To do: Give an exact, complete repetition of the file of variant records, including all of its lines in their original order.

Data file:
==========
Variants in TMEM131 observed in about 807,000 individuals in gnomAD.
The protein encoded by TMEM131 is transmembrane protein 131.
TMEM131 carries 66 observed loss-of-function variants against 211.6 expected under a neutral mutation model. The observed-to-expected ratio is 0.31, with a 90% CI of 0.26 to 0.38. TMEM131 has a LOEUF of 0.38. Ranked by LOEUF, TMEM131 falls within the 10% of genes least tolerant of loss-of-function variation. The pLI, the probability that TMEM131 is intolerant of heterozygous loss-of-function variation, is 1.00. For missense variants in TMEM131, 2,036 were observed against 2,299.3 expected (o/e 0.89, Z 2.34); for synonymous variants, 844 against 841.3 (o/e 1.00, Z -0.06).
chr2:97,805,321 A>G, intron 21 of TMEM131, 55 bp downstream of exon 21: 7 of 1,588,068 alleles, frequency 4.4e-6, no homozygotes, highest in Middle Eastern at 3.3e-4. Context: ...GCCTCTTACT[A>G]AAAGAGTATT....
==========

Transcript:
Variants in TMEM131 observed in about 807,000 individuals in gnomAD.
The protein encoded by TMEM131 is transmembrane protein 131.
TMEM131 carries 66 observed loss-of-function variants against 211.6 expected under a neutral mutation model. The observed-to-expected ratio is 0.31, with a 90% CI of 0.26 to 0.38. TMEM131 has a LOEUF of 0.38. Ranked by LOEUF, TMEM131 falls within the 10% of genes least tolerant of loss-of-function variation. The pLI, the probability that TMEM131 is intolerant of heterozygous loss-of-function variation, is 1.00. For missense variants in TMEM131, 2,036 were observed against 2,299.3 expected (o/e 0.89, Z 2.34); for synonymous variants, 844 against 841.3 (o/e 1.00, Z -0.06).
chr2:97,805,321 A>G, intron 21 of TMEM131, 55 bp downstream of exon 21: 7 of 1,588,068 alleles, frequency 4.4e-6, no homozygotes, highest in Middle Eastern at 3.3e-4. Context: ...GCCTCTTACT[A>G]AAAGAGTATT....